Last year I had to renew my passport. It was a sad day when I received my new, crisp and untouched little blue book. It’s not that I don’t like change — I’ve had my fair share of change in life so far — it’s just that my old passport was so well worn. It had visas. It had character. It had the dust of five different continents on it. I was so proud of my stamp collection, and the new one didn’t do justice to what I knew as my life so far.
I’ve been fortunate enough to have not only traveled out of the country, but to have come from an international family (as crazy as they are) and live abroad. In 2003, my family made our first big move to Tokyo, Japan. I was in seventh grade, and in my middle school prime — not the ideal time to move halfway across the world. But when my parents proposed the move, my sisters and I were surprisingly game for an enormous life change despite the fact that we never really had a strong interest in our Japanese heritage. I did have two Japanese names, I looked half-Japanese and my grandmother’s cooking was occasionally Japanese inspired, but otherwise, we were not well-acquainted with the culture and we definitely did not speak the language.
We moved in July 2003, and I spent the rest of the summer getting lost around our neighborhood, repeating “Irashaimase” (“Welcome to our store”) back to the understandably confused store attendants and participating in clubs my 8-year-old sister created in her spare time (knitting club, book club, video game club). Entertainment is difficult when you don’t know the language, have friends, the Internet or television. Needless to say, I couldn’t wait for school to start.
For the next five years, I attended the International School of the Sacred Heart in Tokyo, an all-girl’s international school. I only had approximately 40 girls in my grade each year, but I met so many interesting people from different backgrounds and cultures that it seemed like there were 200 people in my class. I made my first friend at orientation. She was a Palestinian girl named Dima, and she spoke almost no English. I spent the next two months communicating in gestures and sign language so our conversation was full of hand motions and awkward giggling, but we ended up becoming friends, playing basketball on the same team and graduating together five years later.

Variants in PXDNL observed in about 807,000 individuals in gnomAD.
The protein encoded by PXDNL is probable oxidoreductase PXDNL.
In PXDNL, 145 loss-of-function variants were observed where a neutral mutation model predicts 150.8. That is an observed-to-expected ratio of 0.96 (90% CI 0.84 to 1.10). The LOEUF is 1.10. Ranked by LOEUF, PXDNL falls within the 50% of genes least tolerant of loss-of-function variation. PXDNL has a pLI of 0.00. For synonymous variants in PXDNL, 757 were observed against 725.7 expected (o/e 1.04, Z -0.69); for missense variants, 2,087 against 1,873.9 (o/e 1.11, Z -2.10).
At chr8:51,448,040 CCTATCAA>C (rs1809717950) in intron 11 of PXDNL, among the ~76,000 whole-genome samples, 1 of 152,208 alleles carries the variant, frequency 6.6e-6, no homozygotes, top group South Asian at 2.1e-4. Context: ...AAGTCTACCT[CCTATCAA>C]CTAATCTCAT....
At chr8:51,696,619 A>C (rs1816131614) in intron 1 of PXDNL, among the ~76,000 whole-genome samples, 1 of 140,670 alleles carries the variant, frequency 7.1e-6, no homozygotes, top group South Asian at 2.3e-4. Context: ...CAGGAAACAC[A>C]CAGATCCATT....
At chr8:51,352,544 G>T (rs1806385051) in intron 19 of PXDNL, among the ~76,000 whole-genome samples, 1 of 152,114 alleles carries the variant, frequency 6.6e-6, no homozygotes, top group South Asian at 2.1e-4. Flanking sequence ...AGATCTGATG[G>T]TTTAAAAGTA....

During my stay in Japan, I traveled all around the country for different sports tournaments, class excursions and family trips. I got to know the culture of Japan through the people, festivals, food and everyday life. I discovered one of my favorite food, natto, or fermented soybean. I was asked if my mother truly loved me because all I ever ate for lunch was a peanut butter and jelly sandwich, instead of a freshly made bento box with seaweed cut into little trains. And I had the opportunity to really make a connection with an otherwise unfamiliar part of my heritage.
Life is full of change. Since living in Japan, I’ve come back to the U.S. to go to college and my family has moved to Hong Kong, Shanghai and now resides in New Delhi. After I graduate in December, I’m planning on joining them and diving into a new culture, a new experience and getting my next stamp in my little blue book.
When you move around as much as I have, with a mother who is constantly trying to get you to downsize and throw away non-essentials from your childhood, a passport means a lot more than just a form of legal documentation. For someone who isn’t so artistically inclined, a passport becomes a scrapbook of life’s memories. The stamps serve as souvenirs of the incredible opportunities I have been lucky enough to have and the empty pages pushing me toward future adventures.
— Monica Kusaka Herrero is an LSA senior